What do Johannes Gutenberg and DeWitt Clinton have in common?

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Declaration of Sentiments mural in Seneca Falls. 

Social change is a demanding process that is critically dependent on several key factors. In their studies historians and sociologist alike have attempted to devise a model for change, one that may be universally applicable and repeated in order to insure the promise of social progress.

The two cornerstones of this historical progression are first – The Great Thinkers; those individuals with the ideas, beliefs and initiative that have shaped the past and continue to impact the present. And secondly, there must be a means to communicate their message to the masses in a way that is comprehensible, applicable and relevant.  While other factors are critical, social progress starts with ideas of The Great Thinkers and an efficient and effective way to Spread Their Word.

So who was Johannes Gutenberg . . .

You might recall that Johannes Gutenberg (1394-1468) was a German engraver and inventor who is recognized as the creator of mechanical movable type printing. This was at a time when all manuscripts were handwritten, extremely rare and expensive, and never intended to be a means of mass communication. Books were the sole property of elite royals and more often that not, the clergy. In fact illiteracy was seen as a means used by the ruling class and the Church to control and restrict the flow of knowledge and to stifle freethinking. This all changed with Gutenberg’s 1439 invention that ushered in the first modern period of human history. By making the written word more accessible and more easily translatable what followed was change so drastic and revolutionary that we are still impacted by it today. Historic periods of social and cultural advancement such as the Renaissance, the Age of Enlightenment, and the Reformation all evolved because Gutenberg’s printing press made learning and the exchange of ideas on a broader scale possible.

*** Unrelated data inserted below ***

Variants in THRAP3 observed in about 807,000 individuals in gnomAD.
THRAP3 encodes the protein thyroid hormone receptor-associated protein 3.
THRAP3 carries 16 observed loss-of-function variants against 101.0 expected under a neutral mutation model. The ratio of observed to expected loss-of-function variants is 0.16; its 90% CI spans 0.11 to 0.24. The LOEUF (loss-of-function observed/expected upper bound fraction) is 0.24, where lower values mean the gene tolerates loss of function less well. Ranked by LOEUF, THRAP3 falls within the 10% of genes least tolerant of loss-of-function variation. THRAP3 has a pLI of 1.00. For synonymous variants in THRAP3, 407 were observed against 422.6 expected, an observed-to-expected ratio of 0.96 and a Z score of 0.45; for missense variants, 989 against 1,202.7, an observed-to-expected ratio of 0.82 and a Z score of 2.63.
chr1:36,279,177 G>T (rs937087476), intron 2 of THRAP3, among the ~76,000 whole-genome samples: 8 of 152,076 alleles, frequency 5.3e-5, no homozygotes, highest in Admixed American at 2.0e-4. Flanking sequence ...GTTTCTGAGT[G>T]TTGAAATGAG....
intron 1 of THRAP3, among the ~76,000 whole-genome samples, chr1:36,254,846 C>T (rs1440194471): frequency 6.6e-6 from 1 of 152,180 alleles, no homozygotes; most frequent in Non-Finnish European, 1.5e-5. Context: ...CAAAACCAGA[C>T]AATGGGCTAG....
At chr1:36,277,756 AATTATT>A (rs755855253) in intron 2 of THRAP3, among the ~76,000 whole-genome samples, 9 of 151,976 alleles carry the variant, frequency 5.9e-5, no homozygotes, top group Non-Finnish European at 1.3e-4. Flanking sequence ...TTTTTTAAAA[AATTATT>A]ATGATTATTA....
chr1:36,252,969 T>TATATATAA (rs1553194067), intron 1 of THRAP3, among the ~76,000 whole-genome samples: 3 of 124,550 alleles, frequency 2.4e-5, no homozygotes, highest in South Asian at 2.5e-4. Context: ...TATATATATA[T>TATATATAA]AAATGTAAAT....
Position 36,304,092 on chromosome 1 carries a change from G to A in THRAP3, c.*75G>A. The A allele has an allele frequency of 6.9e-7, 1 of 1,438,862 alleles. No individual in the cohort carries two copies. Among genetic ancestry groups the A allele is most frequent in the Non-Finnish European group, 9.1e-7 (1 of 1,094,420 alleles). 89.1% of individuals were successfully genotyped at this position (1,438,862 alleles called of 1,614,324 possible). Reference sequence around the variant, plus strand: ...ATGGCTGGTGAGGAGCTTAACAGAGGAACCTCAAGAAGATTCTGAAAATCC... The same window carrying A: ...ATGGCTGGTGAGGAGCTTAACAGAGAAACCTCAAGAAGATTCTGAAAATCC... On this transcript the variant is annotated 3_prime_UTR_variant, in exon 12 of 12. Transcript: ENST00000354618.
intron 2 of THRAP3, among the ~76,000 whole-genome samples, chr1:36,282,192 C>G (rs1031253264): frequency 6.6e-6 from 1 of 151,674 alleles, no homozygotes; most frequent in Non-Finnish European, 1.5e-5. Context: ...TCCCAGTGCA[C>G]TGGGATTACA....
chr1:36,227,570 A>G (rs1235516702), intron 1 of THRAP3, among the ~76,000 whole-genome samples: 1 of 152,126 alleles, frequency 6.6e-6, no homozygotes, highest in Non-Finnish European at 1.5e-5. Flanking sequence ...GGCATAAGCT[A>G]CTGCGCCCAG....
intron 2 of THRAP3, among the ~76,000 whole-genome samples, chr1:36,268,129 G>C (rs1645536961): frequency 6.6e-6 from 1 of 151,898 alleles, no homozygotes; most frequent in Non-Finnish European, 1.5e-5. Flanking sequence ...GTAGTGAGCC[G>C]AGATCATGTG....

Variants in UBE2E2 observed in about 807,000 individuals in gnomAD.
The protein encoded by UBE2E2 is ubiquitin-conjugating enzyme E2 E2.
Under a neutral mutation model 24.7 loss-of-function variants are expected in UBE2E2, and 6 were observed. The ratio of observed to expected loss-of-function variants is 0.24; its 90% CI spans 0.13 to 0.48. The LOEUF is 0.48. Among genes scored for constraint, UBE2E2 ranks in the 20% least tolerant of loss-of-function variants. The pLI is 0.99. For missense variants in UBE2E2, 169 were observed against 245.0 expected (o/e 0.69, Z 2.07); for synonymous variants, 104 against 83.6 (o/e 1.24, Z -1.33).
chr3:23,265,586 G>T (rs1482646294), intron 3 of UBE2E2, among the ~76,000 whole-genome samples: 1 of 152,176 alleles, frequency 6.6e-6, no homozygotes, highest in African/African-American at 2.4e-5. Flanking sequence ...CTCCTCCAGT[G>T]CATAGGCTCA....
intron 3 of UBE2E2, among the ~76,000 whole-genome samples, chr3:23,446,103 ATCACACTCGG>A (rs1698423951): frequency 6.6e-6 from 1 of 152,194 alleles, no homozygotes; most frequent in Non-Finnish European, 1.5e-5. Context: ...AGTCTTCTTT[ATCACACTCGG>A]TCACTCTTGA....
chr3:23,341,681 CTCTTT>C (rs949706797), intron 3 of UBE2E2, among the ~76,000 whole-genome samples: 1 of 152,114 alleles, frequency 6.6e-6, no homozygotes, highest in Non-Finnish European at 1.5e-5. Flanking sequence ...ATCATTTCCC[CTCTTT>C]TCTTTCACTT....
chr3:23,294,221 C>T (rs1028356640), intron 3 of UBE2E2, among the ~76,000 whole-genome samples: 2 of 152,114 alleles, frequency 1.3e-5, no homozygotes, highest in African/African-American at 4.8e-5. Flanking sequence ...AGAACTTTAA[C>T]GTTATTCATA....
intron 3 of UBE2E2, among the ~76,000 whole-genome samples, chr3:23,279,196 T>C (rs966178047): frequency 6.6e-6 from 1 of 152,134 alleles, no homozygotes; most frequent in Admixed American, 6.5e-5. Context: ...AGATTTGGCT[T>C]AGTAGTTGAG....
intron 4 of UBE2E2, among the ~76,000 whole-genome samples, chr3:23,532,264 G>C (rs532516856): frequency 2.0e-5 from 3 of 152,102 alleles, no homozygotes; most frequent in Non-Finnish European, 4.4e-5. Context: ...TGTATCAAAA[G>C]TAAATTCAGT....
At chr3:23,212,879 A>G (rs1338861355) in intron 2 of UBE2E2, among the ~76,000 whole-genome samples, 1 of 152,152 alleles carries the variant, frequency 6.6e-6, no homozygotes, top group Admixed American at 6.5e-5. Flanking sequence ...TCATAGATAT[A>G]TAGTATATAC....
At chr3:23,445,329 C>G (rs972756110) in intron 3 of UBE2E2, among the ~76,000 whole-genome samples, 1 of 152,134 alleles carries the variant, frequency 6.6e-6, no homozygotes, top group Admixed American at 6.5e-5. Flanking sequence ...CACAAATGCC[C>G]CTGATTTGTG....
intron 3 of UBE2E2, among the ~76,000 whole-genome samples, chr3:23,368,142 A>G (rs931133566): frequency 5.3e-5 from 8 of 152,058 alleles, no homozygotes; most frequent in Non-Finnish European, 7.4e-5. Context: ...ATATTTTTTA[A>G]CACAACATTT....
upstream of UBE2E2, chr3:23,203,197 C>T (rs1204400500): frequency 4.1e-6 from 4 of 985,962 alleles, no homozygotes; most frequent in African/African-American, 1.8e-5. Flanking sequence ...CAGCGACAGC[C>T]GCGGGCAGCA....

And now Dewitt Clinton . . .

Was it by accident that the 19thcentury Age of Reform was born in New York State and followed the path of the Erie Canal? The Second Great Awakening, the abolitionist movement, women’s suffrage, temperance – all social movements in response to the ills of industrialization and abuses of unfettered capitalism in a new America.  Each driven by the Great Thinkers that we all celebrate and honor today; Elizabeth Cady Stanton, Lucretia Mott, Susan B. Anthony and Frederick Douglass. It was no accident that these Great Thinkers shared in common this path of progress that is required of social reform. And what was their primary pathway and means of “mass communication” to Spread Their Word – our Erie Canal. It was not that everyone along the canal corridor embraced these social reforms, but the opportunity for discourse energized the Age of Reform and thus the spread of democratic ideals and a more inclusive and dynamic citizenry.

The answer is now obvious . . .

Their gifts were not just a rudimentary piece of 14thcentury technology and a 363 mile canal, but lasting, dramatic, and revolutionary social progress all the result of a German engraver and a 19thcentury New York politician. Both Great Thinkers, and connected by the enduring impact their creations have had on humankind.

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Seneca Falls statue of Amelia Bloomer introducing Susan B. Anthony to Elizabeth Cady Stanton. Trinity Church is in the background.

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